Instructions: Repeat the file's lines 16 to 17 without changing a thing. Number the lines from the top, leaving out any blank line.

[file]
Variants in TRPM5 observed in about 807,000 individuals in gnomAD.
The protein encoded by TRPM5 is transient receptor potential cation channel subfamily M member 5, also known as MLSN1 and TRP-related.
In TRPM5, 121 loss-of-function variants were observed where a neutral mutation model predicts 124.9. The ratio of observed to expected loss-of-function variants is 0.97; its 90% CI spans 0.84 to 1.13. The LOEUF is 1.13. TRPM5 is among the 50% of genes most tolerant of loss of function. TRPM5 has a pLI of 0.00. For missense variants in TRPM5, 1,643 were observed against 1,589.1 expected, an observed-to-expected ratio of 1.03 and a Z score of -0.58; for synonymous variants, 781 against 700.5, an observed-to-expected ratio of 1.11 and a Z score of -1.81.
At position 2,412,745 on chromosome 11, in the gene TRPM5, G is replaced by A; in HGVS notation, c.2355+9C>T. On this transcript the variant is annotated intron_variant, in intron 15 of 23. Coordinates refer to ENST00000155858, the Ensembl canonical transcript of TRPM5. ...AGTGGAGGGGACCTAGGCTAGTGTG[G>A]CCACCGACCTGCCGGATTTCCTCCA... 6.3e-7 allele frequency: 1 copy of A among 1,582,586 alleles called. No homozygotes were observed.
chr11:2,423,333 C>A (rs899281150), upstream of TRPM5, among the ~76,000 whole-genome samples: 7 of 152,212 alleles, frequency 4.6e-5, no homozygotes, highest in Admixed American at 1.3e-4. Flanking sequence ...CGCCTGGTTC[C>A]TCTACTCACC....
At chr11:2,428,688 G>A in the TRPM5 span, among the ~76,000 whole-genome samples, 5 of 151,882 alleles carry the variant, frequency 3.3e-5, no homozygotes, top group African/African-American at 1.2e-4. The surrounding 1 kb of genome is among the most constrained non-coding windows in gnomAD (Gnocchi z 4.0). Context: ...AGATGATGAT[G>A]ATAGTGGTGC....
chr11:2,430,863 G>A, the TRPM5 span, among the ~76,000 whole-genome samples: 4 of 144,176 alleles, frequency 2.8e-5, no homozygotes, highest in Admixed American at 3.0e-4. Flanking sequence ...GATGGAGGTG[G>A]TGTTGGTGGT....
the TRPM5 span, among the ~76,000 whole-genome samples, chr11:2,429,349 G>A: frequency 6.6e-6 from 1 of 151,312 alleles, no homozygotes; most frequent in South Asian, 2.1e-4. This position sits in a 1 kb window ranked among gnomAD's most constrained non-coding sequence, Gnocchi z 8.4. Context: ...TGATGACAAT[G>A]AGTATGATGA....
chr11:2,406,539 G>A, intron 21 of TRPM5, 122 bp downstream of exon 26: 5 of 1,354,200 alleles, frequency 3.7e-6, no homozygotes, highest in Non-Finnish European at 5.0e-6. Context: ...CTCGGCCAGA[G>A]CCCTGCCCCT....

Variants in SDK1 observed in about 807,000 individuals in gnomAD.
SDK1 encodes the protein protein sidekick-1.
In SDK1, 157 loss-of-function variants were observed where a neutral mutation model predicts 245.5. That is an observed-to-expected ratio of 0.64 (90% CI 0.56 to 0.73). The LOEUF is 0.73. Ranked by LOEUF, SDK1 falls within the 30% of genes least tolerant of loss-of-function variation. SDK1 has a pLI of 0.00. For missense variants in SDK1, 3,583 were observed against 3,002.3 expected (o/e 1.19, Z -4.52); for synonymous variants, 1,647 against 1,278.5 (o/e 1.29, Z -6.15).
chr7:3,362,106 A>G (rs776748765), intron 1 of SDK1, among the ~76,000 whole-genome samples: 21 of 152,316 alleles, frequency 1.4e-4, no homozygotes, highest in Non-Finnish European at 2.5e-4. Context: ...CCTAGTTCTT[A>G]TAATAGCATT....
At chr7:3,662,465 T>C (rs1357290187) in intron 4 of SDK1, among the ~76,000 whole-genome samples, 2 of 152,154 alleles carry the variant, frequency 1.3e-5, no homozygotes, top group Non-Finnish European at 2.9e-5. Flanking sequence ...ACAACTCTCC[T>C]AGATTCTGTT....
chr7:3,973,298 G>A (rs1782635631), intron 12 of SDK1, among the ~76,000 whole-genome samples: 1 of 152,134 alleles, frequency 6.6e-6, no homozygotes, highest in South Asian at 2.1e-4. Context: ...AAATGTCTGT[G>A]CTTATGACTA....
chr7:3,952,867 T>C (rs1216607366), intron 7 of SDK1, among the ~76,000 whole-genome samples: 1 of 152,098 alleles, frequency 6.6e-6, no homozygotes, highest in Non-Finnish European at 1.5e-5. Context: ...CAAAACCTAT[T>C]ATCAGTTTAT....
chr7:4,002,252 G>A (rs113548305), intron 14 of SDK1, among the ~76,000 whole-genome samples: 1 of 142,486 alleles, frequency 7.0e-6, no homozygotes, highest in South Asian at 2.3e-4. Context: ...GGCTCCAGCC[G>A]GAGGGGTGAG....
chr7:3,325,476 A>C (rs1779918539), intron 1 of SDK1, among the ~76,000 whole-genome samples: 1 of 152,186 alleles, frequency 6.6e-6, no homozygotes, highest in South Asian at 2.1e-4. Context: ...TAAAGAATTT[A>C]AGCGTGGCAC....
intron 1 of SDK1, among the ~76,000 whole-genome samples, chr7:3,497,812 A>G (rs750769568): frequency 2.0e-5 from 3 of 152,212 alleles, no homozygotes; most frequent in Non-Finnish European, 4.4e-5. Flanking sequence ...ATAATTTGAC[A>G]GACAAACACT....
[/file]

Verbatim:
chr7:3,952,867 T>C (rs1216607366), intron 7 of SDK1, among the ~76,000 whole-genome samples: 1 of 152,098 alleles, frequency 6.6e-6, no homozygotes, highest in Non-Finnish European at 1.5e-5. Context: ...CAAAACCTAT[T>C]ATCAGTTTAT....
chr7:4,002,252 G>A (rs113548305), intron 14 of SDK1, among the ~76,000 whole-genome samples: 1 of 142,486 alleles, frequency 7.0e-6, no homozygotes, highest in South Asian at 2.3e-4. Context: ...GGCTCCAGCC[G>A]GAGGGGTGAG....